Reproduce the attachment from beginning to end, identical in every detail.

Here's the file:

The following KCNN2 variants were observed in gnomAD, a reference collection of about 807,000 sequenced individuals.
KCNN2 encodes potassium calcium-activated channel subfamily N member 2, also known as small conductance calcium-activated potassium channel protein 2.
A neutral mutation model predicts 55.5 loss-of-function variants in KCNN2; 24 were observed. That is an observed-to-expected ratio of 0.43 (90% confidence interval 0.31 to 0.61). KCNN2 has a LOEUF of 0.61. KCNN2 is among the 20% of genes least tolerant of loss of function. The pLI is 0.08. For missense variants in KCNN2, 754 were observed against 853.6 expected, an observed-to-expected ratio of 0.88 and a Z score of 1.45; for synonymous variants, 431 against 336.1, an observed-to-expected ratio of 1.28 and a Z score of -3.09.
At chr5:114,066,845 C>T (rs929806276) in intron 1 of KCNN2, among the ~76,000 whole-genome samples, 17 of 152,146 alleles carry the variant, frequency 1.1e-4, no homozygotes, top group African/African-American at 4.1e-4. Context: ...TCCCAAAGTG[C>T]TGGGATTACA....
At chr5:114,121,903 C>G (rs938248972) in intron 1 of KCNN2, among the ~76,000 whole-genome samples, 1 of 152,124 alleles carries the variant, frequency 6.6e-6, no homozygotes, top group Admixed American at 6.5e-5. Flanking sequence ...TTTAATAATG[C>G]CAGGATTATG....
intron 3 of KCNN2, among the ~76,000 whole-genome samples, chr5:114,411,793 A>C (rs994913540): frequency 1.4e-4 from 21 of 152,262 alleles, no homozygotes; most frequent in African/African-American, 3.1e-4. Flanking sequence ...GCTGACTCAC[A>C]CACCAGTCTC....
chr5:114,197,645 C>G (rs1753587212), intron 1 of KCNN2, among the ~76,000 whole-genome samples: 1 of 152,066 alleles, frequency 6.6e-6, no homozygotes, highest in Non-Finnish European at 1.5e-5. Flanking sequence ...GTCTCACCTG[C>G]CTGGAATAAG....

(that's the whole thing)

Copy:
The following KCNN2 variants were observed in gnomAD, a reference collection of about 807,000 sequenced individuals.
KCNN2 encodes potassium calcium-activated channel subfamily N member 2, also known as small conductance calcium-activated potassium channel protein 2.
A neutral mutation model predicts 55.5 loss-of-function variants in KCNN2; 24 were observed. That is an observed-to-expected ratio of 0.43 (90% confidence interval 0.31 to 0.61). KCNN2 has a LOEUF of 0.61. KCNN2 is among the 20% of genes least tolerant of loss of function. The pLI is 0.08. For missense variants in KCNN2, 754 were observed against 853.6 expected, an observed-to-expected ratio of 0.88 and a Z score of 1.45; for synonymous variants, 431 against 336.1, an observed-to-expected ratio of 1.28 and a Z score of -3.09.
At chr5:114,066,845 C>T (rs929806276) in intron 1 of KCNN2, among the ~76,000 whole-genome samples, 17 of 152,146 alleles carry the variant, frequency 1.1e-4, no homozygotes, top group African/African-American at 4.1e-4. Context: ...TCCCAAAGTG[C>T]TGGGATTACA....
At chr5:114,121,903 C>G (rs938248972) in intron 1 of KCNN2, among the ~76,000 whole-genome samples, 1 of 152,124 alleles carries the variant, frequency 6.6e-6, no homozygotes, top group Admixed American at 6.5e-5. Flanking sequence ...TTTAATAATG[C>G]CAGGATTATG....
intron 3 of KCNN2, among the ~76,000 whole-genome samples, chr5:114,411,793 A>C (rs994913540): frequency 1.4e-4 from 21 of 152,262 alleles, no homozygotes; most frequent in African/African-American, 3.1e-4. Flanking sequence ...GCTGACTCAC[A>C]CACCAGTCTC....
chr5:114,197,645 C>G (rs1753587212), intron 1 of KCNN2, among the ~76,000 whole-genome samples: 1 of 152,066 alleles, frequency 6.6e-6, no homozygotes, highest in Non-Finnish European at 1.5e-5. Flanking sequence ...GTCTCACCTG[C>G]CTGGAATAAG....